Zeese: The War On The War On Drugs

| Resistance Report

Above Photo War on drugs is a war on us from SouthernCoalition.org

Kevin Zeese is a well known fighter of the system and has been on the front lines of many fights – from health care to digital rights. But it all started with an internship at NORML 36 years ago. So, what did marijuana politics look like back then, where are we now and how do we keep going in this fight against senseless prohibition?

The interview examines howending the drug war, especially the war on marijuana, has moved from being a third rail politicial issue to having widespread mainstream support. The legalization of marijuana in Colorado and three other states with more on the horizon is not showing any serious problems and is bringing in millions of dollars in new taxes while savings millions on law enforcement. Zeese explains how the most powerful way to deal with drug abuse is not laws that make them illegal, which have all sorts of unexpected consequences, but cultural controls where people learn what is appropriate and inappropriate drug use. These cultural controls are actually undermined by the war on drugs.

Zeese also explains how the drug war is linked to other issues in that (1) we are seeking justice on a wide range of issus including police violence, fair and living wages, climate justice, housing justice and the like; and (2) progress toward justice is blocked by a power structure that puts profits ahead of the necessities of the people and the protection of the planet. He urges us to understand the links between these issue so that we can build a bigger social movement for economic, racial and enviornmental justice.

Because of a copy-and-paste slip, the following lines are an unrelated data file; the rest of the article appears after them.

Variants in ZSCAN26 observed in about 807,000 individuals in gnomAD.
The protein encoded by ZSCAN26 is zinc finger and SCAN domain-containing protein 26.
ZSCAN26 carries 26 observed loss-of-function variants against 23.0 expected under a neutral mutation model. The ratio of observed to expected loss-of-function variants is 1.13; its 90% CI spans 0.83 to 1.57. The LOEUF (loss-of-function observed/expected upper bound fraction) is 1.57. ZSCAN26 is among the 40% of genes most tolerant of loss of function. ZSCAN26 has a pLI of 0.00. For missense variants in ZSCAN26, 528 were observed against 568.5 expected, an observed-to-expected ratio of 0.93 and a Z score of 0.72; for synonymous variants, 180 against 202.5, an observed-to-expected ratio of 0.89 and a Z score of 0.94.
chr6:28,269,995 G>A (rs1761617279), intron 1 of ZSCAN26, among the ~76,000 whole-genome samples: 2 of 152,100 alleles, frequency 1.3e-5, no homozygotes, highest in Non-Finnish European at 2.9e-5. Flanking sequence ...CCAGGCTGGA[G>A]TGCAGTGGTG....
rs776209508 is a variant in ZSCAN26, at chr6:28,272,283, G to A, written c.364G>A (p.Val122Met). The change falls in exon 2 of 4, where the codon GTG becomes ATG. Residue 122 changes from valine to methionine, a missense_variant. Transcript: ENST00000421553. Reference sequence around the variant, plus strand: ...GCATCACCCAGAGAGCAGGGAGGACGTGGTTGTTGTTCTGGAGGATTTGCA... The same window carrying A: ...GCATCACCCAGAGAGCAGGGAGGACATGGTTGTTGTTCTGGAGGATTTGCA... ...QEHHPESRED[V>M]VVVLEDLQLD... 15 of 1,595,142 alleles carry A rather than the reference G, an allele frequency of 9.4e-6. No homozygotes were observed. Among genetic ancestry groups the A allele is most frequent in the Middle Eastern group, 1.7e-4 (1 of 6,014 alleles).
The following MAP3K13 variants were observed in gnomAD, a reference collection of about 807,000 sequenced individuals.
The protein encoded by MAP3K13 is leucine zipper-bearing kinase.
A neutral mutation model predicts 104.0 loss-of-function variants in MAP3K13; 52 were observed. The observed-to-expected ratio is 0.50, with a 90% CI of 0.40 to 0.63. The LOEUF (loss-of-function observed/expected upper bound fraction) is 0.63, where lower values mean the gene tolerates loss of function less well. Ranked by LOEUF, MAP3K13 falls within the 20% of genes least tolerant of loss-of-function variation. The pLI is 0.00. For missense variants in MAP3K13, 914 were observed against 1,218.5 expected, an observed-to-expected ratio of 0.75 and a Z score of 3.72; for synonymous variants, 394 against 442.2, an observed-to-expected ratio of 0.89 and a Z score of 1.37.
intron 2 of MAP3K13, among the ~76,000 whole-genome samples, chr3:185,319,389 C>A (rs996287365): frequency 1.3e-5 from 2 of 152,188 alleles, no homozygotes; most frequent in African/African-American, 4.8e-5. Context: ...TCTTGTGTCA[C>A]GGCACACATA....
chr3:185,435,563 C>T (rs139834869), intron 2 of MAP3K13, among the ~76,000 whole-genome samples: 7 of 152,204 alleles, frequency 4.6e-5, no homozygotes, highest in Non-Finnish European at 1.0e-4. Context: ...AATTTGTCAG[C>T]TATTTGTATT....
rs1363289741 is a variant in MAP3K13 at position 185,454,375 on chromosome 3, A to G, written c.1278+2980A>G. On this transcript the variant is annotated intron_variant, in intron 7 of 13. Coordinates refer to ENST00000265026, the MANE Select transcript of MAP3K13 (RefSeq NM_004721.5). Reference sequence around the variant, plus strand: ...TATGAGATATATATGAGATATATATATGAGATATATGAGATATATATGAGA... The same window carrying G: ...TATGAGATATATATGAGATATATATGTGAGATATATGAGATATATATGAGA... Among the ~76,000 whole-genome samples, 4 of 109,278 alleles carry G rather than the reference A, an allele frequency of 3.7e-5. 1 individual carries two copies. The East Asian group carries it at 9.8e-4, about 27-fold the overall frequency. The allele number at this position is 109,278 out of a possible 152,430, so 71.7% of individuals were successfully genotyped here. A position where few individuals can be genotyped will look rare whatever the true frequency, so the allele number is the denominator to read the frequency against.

• truthseeker2436577@yahoo.com

    Interesting video.

  • AlanMacDonald

    Kevin, as you so well tie together and “explain how the drug war is linked to other issues in that (1) we are seeking justice on a wide range of issues including police violence, fair and living wages, climate justice, housing justice and the like; and (2) progress toward justice is blocked by a power structure that puts profits ahead of the necessities of the people and the protection of the planet. He urges us to understand the links between these issue so that we can build a bigger social movement for economic, racial and environmental justice” — all of these pressing ‘issues’ which oppress justice and cause more deadly, even existential threats (from nuclear war to environmental death), are indeed cause by a “power structure” which the people need to understand and non-violently confront.

    Which is why I typically end my comments agreeing with you this way.

    Liberty, equality, democracy, and justice
    Over
    Violent (and Vichy disguised)
    Empire,

    Alan